UK: Shah v HSBC Concludes In Vindication For Banks

Banks, other financial institutions, money laundering reporting officers ("MLROs"), law firms, accountancy firms, insurers, auditors and any other professional body charged with reporting obligations in relation to suspected money laundering or other organised crime will no doubt welcome the recent decision of the High Court in Shah v HSBC Private Bank (UK) Ltd.

This decision emanates from four and a half years of protracted litigation and provides clarity and certainty for professional bodies in seeking to comply with their reporting requirements under the Proceeds of Crime Act 2002 ("POCA"). In summary, the decision confirms that a bank may delay a customer's payment instructions, and refuse to provide information, in circumstances where money laundering is suspected and a report has been made to the Serious Organised Crime Agency ("SOCA").

The Facts

The Claimants, Mr and Mrs Shah, were account holders with the Defendant, HSBC Private Bank (UK) Ltd ("HSBC"), since 2002. In July 2006, Mr Shah transferred approximately US$28,000,000 to HSBC from an account held with Credit Agricole Indosuez (Suisse) SA ("CAI"), due to concerns about potential fraud on his CAI account. The money was to be held by HSBC on a monthly rolling deposit and ultimately returned to the CAI account.

During the period from September 2006 to March 2007, Mr Shah instructed HSBC to make four transfers. HSBC refused to do so, informing Mr Shah that it was "complying with its UK statutory obligations". The true reason that HSBC refused to make the transfers was because it suspected that the funds were the proceeds of crime. HSBC provided a Suspicious Activity Report ("SAR") to SOCA, informing SOCA of its suspicions and requesting permission to perform the transactions. SOCA ultimately granted HSBC permission to make the transfers, however, the time it took SOCA to consider each of the proposed transactions caused a delay.

Mr Shah's second payment instruction to HSBC was for a payment of US$7,282.50 owed to Mr Kabra, an ex-employee of Mr Shah in Zimbabwe. When HSBC refused to make this transfer and Mr Shah failed to pay Mr Kabra, Mr Kabra reported Mr Shah to the Zimbabwean police and told them that Mr Shah was the suspect of money laundering. The Zimbabwean police executed a warrant and conducted a search on Mr Shah's property in Zimbabwe. The Reserve Bank of Zimbabwe ("RBZ") asked Mr Shah to explain the investigations which were being conducted in the UK. However, HSBC refused to provide any further information stating only that they were complying with their statutory obligations. Therefore, Mr Shah was not able to respond to RBZ's queries and the Zimbabwean authorities froze and seized Mr Shah's investments in that country, causing him alleged losses of US$300 million.

Accordingly, Mr and Mrs Shah claimed that HSBC had breached its contract with them, causing damages of the alleged sum, by:

1. failing to process the payments in accordance with the instructions provided; and

2. failing to provide Mr Shah with information about the investigations that had taken place.

HSBC defended each of these claims on the following basis:

  • There was an implied term in the contract between the parties which entitled HSBC to refuse to process instructions, if it suspected that the particular transactions constituted money laundering, without the consent of SOCA under section 335 of POCA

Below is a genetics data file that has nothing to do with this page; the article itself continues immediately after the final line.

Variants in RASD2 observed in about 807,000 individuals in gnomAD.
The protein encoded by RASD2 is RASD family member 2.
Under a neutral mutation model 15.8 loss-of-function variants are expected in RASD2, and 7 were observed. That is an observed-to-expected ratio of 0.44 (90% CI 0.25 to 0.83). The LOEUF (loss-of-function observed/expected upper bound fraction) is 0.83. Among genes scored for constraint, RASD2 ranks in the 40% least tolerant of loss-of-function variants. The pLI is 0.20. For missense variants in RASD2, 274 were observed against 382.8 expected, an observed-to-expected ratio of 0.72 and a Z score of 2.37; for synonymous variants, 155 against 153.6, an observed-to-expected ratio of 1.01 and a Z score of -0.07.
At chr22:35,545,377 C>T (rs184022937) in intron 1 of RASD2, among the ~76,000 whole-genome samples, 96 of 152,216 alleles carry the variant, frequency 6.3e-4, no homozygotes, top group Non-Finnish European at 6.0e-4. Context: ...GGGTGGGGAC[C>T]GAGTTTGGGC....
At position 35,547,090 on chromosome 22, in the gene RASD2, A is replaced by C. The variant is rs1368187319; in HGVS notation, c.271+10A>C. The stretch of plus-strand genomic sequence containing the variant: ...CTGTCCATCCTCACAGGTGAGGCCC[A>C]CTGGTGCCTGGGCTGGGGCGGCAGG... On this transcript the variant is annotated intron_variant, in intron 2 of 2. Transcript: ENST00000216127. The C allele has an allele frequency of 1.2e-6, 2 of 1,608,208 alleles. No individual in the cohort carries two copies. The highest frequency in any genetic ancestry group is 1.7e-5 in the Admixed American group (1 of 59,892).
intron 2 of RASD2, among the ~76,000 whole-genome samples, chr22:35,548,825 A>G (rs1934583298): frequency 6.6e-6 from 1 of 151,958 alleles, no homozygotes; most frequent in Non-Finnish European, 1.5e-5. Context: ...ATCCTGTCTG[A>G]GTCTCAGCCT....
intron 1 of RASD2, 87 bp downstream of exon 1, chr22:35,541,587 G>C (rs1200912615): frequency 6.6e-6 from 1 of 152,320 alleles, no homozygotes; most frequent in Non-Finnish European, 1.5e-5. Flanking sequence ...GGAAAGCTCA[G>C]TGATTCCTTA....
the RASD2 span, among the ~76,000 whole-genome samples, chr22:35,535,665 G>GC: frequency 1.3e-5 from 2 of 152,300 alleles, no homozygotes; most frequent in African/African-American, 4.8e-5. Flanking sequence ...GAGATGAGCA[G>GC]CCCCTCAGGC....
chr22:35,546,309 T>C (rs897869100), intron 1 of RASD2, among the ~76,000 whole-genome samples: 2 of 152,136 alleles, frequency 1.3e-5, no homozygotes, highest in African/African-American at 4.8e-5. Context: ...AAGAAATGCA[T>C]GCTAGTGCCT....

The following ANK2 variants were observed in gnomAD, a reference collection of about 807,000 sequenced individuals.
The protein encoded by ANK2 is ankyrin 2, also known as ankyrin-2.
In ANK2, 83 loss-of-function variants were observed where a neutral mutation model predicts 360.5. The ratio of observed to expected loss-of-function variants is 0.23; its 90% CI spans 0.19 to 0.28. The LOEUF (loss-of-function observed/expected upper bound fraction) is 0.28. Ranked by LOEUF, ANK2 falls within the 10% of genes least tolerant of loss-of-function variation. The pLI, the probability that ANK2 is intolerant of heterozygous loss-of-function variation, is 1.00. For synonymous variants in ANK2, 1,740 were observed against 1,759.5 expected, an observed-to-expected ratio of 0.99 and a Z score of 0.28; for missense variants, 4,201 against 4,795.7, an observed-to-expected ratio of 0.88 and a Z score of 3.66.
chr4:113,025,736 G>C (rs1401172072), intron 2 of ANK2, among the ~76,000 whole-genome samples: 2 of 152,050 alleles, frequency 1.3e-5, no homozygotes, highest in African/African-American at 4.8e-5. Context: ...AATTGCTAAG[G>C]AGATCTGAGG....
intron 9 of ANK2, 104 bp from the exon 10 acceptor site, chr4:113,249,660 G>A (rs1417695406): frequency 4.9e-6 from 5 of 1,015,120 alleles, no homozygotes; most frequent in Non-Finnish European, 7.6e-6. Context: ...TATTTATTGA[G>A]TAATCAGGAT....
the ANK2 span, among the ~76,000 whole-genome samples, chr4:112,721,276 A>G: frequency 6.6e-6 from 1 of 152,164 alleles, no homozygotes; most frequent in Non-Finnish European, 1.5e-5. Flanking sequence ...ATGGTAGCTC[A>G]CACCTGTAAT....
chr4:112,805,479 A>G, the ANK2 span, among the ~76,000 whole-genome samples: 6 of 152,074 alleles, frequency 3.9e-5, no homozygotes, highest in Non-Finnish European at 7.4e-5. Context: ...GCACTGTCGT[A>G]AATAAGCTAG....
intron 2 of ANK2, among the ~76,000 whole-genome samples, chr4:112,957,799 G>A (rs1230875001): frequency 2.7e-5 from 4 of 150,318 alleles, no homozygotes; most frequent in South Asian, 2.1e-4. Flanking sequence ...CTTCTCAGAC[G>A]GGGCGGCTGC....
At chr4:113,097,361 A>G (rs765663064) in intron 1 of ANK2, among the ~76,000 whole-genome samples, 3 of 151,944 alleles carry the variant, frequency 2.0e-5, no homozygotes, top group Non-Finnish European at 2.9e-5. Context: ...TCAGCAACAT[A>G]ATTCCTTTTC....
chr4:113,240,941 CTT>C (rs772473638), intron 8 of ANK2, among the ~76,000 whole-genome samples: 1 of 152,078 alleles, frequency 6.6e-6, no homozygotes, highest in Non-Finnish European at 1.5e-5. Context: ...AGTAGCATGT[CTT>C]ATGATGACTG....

• Mr and Mrs Shah were not entitled to information about HSBC's dealings with SOCA. In any event, there was an implied term in the contract between the parties which permitted HSBC to refuse to provide such information, if to do so might cause HSBC to be in breach of a legal or other duty, including sections 333 or 342 of POCA (offences against tipping off or otherwise prejudicing an investigation). (Section 333 of POCA is the section which applied at the material time although it has since been repealed and replaced by sections 333A to 333E.)

The effect of POCA on the relationship between banker and customer

Under POCA, financial institutions risk criminal prosecution if they fail to report suspicious transactions, or if they report such transactions and nevertheless carry out the subsequent transaction without the required consent. Commenting on the effect such provisions have on the contract between a bank and its customers, Supperstone J stated that "It is plain that POCA has intervened in the contractual relationship between banker and customer in a way which may cause the customer prejudice" but that this is "a price Parliament had deemed worth paying in the fight against money laundering".

Implied Term 1 - Entitlement to refuse to process a transaction

As stated above, HSBC submitted that there must be an implied term in the contract between a bank and its customers which would entitle the bank to refuse to process a customer's instructions, if it suspected that the transaction constituted money laundering, without the consent of SOCA under section 335 of POCA. Counsel for Mr and Mrs Shah submitted that such a term should not be implied because it is "ridiculously wide", a customer would not regard it as obvious, the term is not capable of clear expression and some banks do have express terms to cater for this situation. Despite these contrary arguments, given that a bank has no alternative but to report and seek appropriate consent in relation to any instructions it received that are suspicious (or risk criminal prosecution), Supperstone J held that the term contended by HSBC is to be implied by reason of the relevant statutory provisions.